I have taken entirely too long to write this review. I will say that part of that time, however, was spent playing the game with three characters in such far ranging settings as Elven Africa, Fantasy Norway, and Hollywood Renaissance Italy.
My characters have consisted of a half-elven spell-caster/bard, and two swashbuckler fighter/thieves, to use standard FRP terminology, which do not do full justice to Zzarchov's 110 page slim hardback volume.
Having been a long time subscriber to Unofficial Games blog, I was able to see the construction process underway, and argued with Zzarchov more than a bit during those months (years?), p'd off at his arcane choice at the time to have the rules in a computer-dependent format rather than text (since then 'fixed'). Rules aspects of what was then known as Piecemeal seemed too weird, although intriguing, and the fact that I hadn't deigned to use the odd platform to read the rules as they stood made the whole thing rather jumbled in my already busy mind.
Let me say that upon first read of the game, much of the confusion was still present. That isn't an indictment against the writing, design, or organisation of the contents, rather, it is a warning to approach NGR on its own terms and not to presume thing one about how it plays. Zzarchov's Pie-Piece approach to Class is pretty darned cool, and 'fixes' much of what has been wrong with other FRP attempts to allow the player to craft a rules-basis for the sort of character they want to play. Next, his duh-brilliantly-simple Inventory and Skills selection cannot be overlooked, as it is one of the major stumbling blocks of so many games, Fantasy or other genre.
Regarding Skills, don't sweat their inclusion, as they function much, much better and simpler than anything I've seen in a good long while. The average Target Number, if you will, is 20, on d20, but the Ability being tested is added whole-cloth to the roll. If the PC's total is not 20, then they narratively explain how each of the skills they propose to utilise in their attempt adds (+2 each) to get the total to 20 (or whatever it is). The effect of this narrative cajoling is the exact opposite of the desperate lawyering common to less draconian D&D games, and in fact, enhances the gameplay by rewarding the player's shared construction of the outcome without gelding the GM of his/her power to make executive decisions.
This is the point in the review where I must explain how the mindset of NGR affects the design and gameplay, as it may not readily suit everyone's tastes -- but I assure you that with very little mechanical tweaking (like, 30 seconds, perhaps?) even this aspect of the game can be steered onto the course the GM envisages for their particular brand of Loot & Scoot.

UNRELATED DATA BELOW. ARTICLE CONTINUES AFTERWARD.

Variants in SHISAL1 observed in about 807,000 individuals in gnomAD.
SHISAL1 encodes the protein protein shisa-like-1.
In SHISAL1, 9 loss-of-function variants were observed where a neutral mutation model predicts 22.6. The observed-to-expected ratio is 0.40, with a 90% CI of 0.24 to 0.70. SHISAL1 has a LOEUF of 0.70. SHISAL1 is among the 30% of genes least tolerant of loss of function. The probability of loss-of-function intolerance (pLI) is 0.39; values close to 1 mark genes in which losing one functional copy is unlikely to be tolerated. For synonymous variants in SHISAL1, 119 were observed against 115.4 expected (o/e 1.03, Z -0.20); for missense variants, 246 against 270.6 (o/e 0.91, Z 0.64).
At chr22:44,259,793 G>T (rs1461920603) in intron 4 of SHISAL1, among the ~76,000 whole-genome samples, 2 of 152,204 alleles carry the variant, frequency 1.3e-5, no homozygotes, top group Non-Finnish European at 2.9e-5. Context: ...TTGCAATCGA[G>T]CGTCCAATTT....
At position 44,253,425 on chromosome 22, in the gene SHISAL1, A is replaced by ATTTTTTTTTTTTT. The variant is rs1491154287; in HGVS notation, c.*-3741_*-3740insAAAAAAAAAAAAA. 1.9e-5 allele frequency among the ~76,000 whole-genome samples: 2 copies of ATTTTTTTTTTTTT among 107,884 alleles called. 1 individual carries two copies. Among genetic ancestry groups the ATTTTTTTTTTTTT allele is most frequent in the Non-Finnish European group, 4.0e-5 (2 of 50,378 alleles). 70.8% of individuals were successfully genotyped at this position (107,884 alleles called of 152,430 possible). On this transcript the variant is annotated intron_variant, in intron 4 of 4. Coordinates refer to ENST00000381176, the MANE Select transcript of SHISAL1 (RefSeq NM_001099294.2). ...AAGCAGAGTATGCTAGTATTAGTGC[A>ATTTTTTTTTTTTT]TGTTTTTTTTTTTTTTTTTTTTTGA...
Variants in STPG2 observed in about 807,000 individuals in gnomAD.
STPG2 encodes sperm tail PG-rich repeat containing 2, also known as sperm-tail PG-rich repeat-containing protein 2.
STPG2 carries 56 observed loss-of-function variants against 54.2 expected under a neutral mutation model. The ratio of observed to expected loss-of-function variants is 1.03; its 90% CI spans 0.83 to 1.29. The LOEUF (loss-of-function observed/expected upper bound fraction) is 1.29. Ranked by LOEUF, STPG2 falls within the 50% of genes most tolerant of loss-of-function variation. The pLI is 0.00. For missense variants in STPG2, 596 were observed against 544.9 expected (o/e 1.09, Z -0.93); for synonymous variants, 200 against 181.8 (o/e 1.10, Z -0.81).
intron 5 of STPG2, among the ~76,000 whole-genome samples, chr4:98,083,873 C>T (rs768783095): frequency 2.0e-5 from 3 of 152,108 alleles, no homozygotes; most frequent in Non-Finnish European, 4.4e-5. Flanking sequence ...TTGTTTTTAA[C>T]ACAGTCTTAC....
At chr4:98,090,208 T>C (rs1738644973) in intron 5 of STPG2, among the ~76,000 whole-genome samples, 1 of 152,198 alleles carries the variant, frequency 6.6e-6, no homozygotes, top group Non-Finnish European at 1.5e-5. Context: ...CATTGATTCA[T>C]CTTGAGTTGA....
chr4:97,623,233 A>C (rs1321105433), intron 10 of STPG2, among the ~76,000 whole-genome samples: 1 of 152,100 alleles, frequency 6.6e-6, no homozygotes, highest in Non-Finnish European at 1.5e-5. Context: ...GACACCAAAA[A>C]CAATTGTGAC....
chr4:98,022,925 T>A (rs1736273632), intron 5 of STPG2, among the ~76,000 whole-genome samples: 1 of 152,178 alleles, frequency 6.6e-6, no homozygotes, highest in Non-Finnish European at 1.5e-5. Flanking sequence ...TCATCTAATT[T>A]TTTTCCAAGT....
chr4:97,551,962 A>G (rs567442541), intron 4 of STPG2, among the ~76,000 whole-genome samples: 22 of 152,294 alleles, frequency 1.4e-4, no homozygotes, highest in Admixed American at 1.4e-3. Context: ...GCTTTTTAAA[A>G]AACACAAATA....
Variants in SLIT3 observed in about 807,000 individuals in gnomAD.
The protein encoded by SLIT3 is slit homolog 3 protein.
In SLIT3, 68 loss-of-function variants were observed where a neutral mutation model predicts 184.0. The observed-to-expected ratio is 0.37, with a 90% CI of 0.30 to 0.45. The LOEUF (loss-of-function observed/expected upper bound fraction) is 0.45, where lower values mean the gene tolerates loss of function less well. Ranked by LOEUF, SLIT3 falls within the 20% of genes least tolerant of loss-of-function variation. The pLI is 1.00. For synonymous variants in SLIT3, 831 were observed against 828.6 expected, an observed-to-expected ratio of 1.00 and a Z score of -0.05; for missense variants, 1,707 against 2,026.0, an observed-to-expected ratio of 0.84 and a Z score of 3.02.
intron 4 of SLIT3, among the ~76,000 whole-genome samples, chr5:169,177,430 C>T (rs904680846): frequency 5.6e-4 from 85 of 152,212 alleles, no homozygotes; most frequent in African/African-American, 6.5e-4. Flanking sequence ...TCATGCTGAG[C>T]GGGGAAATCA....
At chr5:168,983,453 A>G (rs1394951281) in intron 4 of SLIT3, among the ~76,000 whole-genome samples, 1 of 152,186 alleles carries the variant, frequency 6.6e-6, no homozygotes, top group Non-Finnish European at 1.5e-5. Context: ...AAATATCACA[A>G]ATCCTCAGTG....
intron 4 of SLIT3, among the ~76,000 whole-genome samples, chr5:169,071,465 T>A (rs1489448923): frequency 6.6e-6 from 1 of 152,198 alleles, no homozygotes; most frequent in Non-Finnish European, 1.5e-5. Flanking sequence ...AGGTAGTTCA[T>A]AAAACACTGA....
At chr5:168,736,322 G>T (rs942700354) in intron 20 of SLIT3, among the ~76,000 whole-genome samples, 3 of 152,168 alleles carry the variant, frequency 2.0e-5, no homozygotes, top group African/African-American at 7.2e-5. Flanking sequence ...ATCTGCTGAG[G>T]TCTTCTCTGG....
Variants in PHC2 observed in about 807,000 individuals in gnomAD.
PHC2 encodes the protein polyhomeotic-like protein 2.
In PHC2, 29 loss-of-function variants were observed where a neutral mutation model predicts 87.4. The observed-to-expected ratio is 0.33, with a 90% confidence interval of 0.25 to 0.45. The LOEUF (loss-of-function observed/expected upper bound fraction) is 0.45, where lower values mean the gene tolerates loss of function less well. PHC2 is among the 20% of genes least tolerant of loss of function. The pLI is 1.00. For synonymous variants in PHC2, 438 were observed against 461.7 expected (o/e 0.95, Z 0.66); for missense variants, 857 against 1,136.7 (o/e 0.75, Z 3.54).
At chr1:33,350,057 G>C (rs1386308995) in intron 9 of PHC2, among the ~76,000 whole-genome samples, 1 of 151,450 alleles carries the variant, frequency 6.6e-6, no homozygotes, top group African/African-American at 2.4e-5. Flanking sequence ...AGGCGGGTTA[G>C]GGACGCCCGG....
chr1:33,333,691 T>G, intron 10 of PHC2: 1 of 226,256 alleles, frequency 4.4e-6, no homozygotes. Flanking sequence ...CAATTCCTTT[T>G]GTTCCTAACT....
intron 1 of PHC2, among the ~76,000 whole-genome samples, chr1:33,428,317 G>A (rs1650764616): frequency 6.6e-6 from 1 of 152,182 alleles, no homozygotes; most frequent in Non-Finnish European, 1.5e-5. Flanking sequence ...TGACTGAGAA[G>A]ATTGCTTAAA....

Zzarchov is not only a cunning trickster, a big fan of schlock fantasy clichés and tropes, but apparently also that of crappy 80's low-budget fantasy flicks. His post-session rewards mechanisms revolve more around 'Awesomeness' than Hack & Slash, with deliberate play towards the 'wrong course of action' being more awesome than sound tactical choices otherwise encouraged in the slew of generic FRPs out there. In fact, defeating without killing yields more points, with trap-defeating and travel to cool locales being a Major XP reward source.
Back to Awesomeness: Fate points allow for re-rolls, refreshing Luck (like HP above 0 in the D&Ds), and perhaps something else I cannot immediately recall [Any help, Zzarchov?]. Totting up the Awesomeness modifier derived by the above formula for Cinematic success, the Player rolls that number or less, or a nat-20, to gain an additional Fate point. If they succeed, and roll lower than the number indicated, they may roll again, and again, until that number drops below 1, possibly gaining more than one additional Fate point.
I could go on about other aspects of how Luck points are increased as one levels, or Lucky or Signature items, the acquisition of Henchmen, etc., but there has to be something you, the reader, discover on your own.
The two aspects of gameplay that I am least familiar with are Magic and Miracles, but I'll say a bit about them now. Magic is pumped-up by expending more Power or Mana, which increases all dimensions/axes of the spell's functionality at once. The most recent export to Jeff R's game via Evan Elkin's Wessex character is the Bees spell. In NGR, a cone 5' long and 5' wide at the long end of the cone, of angry magic bees fly out and vex those in the AoE. But, pumping up the Power on the spell can be done as desired (and as can be paid) rather than waiting to 'level-up' as per the D&D's.
Miracles are a horse of an entirely different colour than the D&D Clerical 'spells', and function more like Palladium Psionics, but that doesn't really convey their true function and the overall versatility of Piety Points, nor the sharp cost of more powerful effects. Likewise the Priest (or layperson) must be really active to act upon their faith's tenets (however morally sketchy) to gain Piety.
Can the criteria of Awesomeness be altered without hobbling the system? Absolutely. A certain game and setting designer I know is thinking of releasing a version of her notoriously non-Fantasy RPG using Neoclassical Geek Revival because she really digs how the entire system functions in tandem. Her game would most definitely not reward Awesomeness based upon the wearing of cloaks, eye-patches, or mullets, but instead reward Vruned -- acting towards the advancement of the Vrun cause, and other, Native, ideals. But all of that is just rumour, you understand.
My overall rating of Neoclassical Geek Revival: Buy a copy or two. This is possibly the best FRP I've read in decades, as much for what it simplifies as for what it enhances.